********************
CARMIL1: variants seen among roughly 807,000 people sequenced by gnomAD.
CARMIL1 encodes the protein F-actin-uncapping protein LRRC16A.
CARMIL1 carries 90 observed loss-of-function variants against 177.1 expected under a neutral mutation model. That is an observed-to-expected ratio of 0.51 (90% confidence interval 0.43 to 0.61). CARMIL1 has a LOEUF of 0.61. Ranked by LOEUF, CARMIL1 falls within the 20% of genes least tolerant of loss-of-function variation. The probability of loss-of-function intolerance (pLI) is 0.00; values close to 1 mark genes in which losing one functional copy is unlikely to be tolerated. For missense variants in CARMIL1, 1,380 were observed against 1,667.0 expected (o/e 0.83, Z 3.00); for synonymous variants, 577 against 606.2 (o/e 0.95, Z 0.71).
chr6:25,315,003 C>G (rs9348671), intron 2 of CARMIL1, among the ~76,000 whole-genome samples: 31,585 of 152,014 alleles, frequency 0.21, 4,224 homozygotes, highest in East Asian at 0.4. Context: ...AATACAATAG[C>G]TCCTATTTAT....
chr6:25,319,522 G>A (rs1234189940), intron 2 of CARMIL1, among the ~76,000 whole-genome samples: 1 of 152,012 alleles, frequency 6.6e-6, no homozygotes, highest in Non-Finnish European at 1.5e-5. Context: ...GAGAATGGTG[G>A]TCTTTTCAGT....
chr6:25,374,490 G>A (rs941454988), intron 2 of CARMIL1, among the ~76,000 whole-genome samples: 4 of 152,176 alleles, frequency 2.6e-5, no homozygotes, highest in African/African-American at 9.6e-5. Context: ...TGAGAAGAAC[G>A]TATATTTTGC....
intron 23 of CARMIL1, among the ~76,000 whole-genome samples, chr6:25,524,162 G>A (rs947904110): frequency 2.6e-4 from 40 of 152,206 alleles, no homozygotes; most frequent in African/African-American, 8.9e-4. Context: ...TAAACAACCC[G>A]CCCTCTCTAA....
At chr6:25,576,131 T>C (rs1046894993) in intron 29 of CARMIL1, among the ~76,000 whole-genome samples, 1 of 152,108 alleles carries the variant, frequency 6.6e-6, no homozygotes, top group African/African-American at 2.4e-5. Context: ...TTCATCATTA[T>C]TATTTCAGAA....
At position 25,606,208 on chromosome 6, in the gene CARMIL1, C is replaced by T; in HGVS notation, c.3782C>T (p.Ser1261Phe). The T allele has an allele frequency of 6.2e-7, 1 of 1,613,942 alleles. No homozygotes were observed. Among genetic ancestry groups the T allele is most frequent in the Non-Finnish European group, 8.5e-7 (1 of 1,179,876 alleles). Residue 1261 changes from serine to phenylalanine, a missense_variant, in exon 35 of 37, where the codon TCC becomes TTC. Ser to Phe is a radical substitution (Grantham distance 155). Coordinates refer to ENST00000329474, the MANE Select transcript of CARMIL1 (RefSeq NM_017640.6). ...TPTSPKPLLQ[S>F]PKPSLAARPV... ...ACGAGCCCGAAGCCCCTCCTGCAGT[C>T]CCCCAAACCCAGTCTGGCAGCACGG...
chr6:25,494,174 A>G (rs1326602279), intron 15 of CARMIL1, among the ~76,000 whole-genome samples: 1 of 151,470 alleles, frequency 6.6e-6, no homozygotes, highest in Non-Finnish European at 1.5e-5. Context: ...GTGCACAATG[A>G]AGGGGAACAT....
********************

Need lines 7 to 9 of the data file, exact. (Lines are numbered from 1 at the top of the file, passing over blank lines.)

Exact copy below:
intron 23 of CARMIL1, among the ~76,000 whole-genome samples, chr6:25,524,162 G>A (rs947904110): frequency 2.6e-4 from 40 of 152,206 alleles, no homozygotes; most frequent in African/African-American, 8.9e-4. Context: ...TAAACAACCC[G>A]CCCTCTCTAA....
At chr6:25,576,131 T>C (rs1046894993) in intron 29 of CARMIL1, among the ~76,000 whole-genome samples, 1 of 152,108 alleles carries the variant, frequency 6.6e-6, no homozygotes, top group African/African-American at 2.4e-5. Context: ...TTCATCATTA[T>C]TATTTCAGAA....
At position 25,606,208 on chromosome 6, in the gene CARMIL1, C is replaced by T; in HGVS notation, c.3782C>T (p.Ser1261Phe). The T allele has an allele frequency of 6.2e-7, 1 of 1,613,942 alleles. No homozygotes were observed. Among genetic ancestry groups the T allele is most frequent in the Non-Finnish European group, 8.5e-7 (1 of 1,179,876 alleles). Residue 1261 changes from serine to phenylalanine, a missense_variant, in exon 35 of 37, where the codon TCC becomes TTC. Ser to Phe is a radical substitution (Grantham distance 155). Coordinates refer to ENST00000329474, the MANE Select transcript of CARMIL1 (RefSeq NM_017640.6). ...TPTSPKPLLQ[S>F]PKPSLAARPV... ...ACGAGCCCGAAGCCCCTCCTGCAGT[C>T]CCCCAAACCCAGTCTGGCAGCACGG...